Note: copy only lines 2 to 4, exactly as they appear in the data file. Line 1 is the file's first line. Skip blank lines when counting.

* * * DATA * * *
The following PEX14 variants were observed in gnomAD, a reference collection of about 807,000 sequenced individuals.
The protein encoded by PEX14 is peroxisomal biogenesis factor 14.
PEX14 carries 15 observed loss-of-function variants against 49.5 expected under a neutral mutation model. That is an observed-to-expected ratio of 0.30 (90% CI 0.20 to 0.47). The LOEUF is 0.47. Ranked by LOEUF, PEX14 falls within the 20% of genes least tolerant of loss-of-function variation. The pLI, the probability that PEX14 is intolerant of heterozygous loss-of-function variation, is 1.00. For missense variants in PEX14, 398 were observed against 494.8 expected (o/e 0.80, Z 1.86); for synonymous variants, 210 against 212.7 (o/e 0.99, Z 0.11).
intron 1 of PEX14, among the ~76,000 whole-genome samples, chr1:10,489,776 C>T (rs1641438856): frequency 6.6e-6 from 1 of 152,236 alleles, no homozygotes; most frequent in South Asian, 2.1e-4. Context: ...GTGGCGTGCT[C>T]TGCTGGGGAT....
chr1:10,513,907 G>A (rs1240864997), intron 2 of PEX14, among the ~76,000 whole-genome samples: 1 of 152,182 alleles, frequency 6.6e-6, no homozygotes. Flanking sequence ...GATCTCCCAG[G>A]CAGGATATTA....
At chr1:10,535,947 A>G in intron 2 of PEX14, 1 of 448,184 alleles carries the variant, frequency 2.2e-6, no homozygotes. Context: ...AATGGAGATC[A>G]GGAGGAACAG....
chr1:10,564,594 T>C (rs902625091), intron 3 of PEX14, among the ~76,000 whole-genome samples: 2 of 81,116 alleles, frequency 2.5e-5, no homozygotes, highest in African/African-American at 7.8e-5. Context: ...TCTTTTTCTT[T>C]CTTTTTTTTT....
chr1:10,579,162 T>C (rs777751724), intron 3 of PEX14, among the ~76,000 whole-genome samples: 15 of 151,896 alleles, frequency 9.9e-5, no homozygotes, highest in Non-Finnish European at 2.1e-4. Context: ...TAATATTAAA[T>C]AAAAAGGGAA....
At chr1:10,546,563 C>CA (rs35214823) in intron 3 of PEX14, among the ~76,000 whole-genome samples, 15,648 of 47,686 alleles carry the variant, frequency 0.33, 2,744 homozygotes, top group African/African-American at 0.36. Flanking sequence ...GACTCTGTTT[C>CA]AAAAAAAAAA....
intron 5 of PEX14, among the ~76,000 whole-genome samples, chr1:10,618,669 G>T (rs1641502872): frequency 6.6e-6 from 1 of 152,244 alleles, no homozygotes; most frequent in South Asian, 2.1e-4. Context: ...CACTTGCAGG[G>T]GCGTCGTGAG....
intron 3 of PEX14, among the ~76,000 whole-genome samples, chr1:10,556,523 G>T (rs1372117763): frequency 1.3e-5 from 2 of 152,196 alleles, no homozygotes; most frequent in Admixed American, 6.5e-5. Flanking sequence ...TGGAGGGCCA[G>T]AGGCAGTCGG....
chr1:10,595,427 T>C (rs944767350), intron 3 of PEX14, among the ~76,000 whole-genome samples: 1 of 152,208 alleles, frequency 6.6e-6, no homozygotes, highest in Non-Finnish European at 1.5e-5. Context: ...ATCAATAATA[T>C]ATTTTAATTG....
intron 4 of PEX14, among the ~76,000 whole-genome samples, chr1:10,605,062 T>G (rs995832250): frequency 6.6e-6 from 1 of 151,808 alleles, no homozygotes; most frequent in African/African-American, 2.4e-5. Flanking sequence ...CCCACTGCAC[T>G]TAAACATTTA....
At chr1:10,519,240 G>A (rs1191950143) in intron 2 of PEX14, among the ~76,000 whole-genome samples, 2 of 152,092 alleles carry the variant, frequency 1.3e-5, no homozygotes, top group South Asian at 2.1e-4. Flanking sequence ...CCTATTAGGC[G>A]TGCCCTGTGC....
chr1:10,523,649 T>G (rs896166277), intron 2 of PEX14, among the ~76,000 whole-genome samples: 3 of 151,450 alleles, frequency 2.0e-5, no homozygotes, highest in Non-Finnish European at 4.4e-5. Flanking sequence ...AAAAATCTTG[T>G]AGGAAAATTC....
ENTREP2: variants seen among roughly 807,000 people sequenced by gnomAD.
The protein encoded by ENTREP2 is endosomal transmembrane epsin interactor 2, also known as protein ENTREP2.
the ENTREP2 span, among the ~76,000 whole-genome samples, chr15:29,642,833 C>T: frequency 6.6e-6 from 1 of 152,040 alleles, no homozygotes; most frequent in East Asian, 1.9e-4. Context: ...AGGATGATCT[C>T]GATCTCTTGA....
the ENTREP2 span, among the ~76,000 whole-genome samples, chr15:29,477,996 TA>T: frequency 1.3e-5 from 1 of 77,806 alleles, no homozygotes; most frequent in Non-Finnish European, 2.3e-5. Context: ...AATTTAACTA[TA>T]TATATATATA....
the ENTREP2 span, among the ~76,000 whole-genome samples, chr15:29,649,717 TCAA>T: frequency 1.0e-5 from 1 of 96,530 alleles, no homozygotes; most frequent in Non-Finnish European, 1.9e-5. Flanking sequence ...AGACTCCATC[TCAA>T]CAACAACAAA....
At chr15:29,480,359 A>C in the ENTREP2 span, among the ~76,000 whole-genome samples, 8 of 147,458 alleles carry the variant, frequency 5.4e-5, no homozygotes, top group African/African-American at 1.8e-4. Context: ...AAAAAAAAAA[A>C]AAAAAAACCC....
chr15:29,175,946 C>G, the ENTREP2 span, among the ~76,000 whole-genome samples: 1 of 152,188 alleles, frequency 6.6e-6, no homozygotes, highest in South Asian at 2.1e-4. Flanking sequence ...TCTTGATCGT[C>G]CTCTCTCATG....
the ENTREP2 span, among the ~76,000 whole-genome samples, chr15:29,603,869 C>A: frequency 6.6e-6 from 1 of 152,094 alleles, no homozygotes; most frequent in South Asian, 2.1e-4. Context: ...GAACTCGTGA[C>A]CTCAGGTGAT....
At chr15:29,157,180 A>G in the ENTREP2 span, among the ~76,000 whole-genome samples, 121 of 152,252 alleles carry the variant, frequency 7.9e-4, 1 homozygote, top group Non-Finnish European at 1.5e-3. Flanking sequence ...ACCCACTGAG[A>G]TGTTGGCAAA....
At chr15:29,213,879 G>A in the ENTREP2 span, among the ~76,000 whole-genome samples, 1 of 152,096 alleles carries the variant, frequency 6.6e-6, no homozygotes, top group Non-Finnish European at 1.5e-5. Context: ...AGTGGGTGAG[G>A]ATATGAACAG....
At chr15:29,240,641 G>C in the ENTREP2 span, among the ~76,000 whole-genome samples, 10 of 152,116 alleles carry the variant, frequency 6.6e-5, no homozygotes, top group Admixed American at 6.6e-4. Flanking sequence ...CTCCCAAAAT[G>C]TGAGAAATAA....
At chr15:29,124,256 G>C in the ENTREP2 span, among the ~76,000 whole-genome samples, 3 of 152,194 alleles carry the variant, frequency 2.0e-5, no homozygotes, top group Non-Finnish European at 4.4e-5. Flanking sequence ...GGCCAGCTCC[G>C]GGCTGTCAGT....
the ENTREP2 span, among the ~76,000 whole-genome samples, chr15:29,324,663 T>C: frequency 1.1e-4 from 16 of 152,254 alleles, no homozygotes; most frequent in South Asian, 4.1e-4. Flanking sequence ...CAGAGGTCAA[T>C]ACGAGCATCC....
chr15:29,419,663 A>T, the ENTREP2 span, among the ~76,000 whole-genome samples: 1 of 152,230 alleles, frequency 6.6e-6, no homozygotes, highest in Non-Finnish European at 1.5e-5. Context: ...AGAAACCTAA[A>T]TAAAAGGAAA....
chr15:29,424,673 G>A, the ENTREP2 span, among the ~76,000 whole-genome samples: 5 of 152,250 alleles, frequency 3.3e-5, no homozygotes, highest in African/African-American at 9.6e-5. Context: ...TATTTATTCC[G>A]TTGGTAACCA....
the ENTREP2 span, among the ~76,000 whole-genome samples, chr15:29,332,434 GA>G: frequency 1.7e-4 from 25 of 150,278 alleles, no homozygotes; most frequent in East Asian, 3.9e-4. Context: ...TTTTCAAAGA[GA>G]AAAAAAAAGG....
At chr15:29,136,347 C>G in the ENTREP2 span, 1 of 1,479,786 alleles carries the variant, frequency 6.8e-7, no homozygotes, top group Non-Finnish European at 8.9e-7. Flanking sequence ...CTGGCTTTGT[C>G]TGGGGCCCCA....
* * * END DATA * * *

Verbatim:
The protein encoded by PEX14 is peroxisomal biogenesis factor 14.
PEX14 carries 15 observed loss-of-function variants against 49.5 expected under a neutral mutation model. That is an observed-to-expected ratio of 0.30 (90% CI 0.20 to 0.47). The LOEUF is 0.47. Ranked by LOEUF, PEX14 falls within the 20% of genes least tolerant of loss-of-function variation. The pLI, the probability that PEX14 is intolerant of heterozygous loss-of-function variation, is 1.00. For missense variants in PEX14, 398 were observed against 494.8 expected (o/e 0.80, Z 1.86); for synonymous variants, 210 against 212.7 (o/e 0.99, Z 0.11).
intron 1 of PEX14, among the ~76,000 whole-genome samples, chr1:10,489,776 C>T (rs1641438856): frequency 6.6e-6 from 1 of 152,236 alleles, no homozygotes; most frequent in South Asian, 2.1e-4. Context: ...GTGGCGTGCT[C>T]TGCTGGGGAT....